by SEAN HUMPHREY
FEBRUARY 26, 2022
Facing rising criticism among nations across the world, the Chinese government found an opportunity in the 2022 Olympic Winter Games to mask its crimes against human rights with the faces of American-born athletes.
In response to “the PRC’s ongoing genocide and crimes against humanity in Xinjiang and other human rights abuses,” the U.S. declared a diplomatic boycott of the Games, followed by several allies including the United Kingdom, Japan, Canada, and Australia. With China in need of a positive global image, the People’s Republic Olympic team recruited several athletes from the U.S. to help contribute to its biggest winter roster in the history of the Games.
Among the American-born competitors who were well-received in China is freestyle skier Eileen Gu, who has won both gold and silver medals for the country. According to Reuters, the California native quickly became “China’s most popular athlete” and is currently sponsored by “two dozen brands,” creating an overidealized image of success for aspiring athletes living in China.
As a leader of China’s new public image in the Olympics, Gu is forced to monitor her speech, specifically involving any negative topics relating to the government. While she said that the country has been “so so supportive” of her achievements in an Olympic press conference, her American agent Tom Yaps said that she is forced to be “very cautious” about her public statements in order to maintain her positive standing with China.
“If [Eileen] participates in an article that has two paragraphs critical of China and human rights, that would put her in jeopardy over there. One thing and a career is ruined,” said Yaps in an interview with The Economist.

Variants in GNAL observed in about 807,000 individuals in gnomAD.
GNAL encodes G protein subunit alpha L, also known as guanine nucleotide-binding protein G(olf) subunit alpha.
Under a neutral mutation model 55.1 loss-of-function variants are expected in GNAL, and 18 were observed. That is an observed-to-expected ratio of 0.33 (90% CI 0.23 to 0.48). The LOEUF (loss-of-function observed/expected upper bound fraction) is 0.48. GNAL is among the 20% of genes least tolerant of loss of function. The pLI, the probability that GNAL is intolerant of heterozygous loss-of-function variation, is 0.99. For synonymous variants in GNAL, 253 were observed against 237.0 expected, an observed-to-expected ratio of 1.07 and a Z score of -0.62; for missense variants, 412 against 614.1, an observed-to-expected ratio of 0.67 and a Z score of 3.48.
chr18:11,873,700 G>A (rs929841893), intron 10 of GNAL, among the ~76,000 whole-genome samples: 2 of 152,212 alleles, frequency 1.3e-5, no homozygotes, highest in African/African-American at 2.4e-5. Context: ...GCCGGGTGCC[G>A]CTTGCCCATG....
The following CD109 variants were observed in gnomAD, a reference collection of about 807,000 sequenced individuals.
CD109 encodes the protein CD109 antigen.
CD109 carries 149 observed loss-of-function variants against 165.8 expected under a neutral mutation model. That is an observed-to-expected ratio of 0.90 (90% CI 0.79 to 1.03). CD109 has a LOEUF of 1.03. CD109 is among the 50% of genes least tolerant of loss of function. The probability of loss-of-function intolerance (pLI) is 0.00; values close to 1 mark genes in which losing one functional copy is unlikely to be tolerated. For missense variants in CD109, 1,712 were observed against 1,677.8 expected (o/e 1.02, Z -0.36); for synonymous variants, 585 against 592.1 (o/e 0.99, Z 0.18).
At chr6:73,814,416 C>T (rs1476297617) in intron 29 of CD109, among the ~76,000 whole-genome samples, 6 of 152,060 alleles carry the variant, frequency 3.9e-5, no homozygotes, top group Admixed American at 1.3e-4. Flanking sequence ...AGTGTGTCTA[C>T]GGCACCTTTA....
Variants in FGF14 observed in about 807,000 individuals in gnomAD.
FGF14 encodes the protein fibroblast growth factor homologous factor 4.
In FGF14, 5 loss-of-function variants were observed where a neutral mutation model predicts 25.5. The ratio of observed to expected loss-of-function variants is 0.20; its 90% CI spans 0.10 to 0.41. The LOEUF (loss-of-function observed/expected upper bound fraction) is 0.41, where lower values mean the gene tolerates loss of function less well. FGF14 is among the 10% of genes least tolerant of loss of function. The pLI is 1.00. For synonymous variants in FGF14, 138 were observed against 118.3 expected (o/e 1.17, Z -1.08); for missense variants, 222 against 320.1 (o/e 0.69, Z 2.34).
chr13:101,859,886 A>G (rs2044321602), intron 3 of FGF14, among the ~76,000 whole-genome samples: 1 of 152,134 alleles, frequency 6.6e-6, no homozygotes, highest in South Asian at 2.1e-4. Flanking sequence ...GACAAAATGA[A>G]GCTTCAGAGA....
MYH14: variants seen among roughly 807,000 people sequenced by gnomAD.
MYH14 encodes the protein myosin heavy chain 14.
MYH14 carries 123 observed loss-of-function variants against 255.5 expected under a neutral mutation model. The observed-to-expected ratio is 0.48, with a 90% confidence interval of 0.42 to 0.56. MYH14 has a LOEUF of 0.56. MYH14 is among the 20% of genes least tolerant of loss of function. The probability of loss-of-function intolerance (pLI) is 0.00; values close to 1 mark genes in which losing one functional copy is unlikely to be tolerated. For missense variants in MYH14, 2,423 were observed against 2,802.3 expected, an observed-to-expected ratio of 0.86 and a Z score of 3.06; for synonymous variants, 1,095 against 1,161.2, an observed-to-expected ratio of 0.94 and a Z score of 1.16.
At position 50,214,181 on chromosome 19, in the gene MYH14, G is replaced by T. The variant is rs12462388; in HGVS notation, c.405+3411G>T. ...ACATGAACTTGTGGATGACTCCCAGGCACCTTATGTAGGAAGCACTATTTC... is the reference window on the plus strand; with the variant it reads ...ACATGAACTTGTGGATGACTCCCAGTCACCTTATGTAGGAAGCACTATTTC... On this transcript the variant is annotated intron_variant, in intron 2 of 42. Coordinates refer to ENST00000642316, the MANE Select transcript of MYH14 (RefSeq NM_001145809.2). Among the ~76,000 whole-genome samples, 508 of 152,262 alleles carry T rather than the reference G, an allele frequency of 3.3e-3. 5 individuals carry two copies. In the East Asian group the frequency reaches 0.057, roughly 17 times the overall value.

Despite her widespread popularity in China as a fashion and athletic icon, Gu received criticism for the unfair special treatment given to her by the Chinese government as a newfound celebrity. One Instagram user commented, “Why can you use Instagram and millions of people from the mainland cannot[?],” referring to the current Chinese ban of the social media platform and other sites including Facebook and Twitter.
Gu, apparently unaware of China’s preferential treatment, replied that “anyone can download a VPN it’s literally free from the App Store [sic].”
The use of VPN, however, is also outlawed by the Chinese government. Before being taken down, Gu’s Instagram post provided a brief glimpse into the artificial reality that China has created through the use of its athletes to appeal to audiences outside the country.
Gu is joined by other American-born athletes including ice hockey players Jake Chelios and Jeremy Smith and figure skater Zhu Yi. Similar to Gu, the latter of the three has also been placed at the forefront of discussion in China, but with citizens quick to focus on her mistakes rather than her achievements.
According to the BBC, Zhu is one of the various “Team China athletes [who] often face great scrutiny from the Chinese public.” As a result of falling several times during her initial skating performance, certain individuals on China’s social media platform, Weibo, openly criticized her and expressed resentment toward her former American nationality.
While Zhu has since proven herself by completing the same performance without falling, her Olympic story suggests that China’s effort to maintain its image of power has had an effect on their athletic expectations. The government prioritizes strength and power over human rights, creating a standard where athletes are idolized by the public unless they reveal their vulnerabilities, in which case they are no longer seen as a member of Team China.
The 2022 Olympic Winter Games did not just bring China’s crimes against humanity to light, but it also illustrated the government’s efforts to establish a likeness similar to that of America by recruiting athletes native to the U.S. As long as the repression of its citizens continues, however, the Chinese Communist Party will never reach its goal to be a world leader.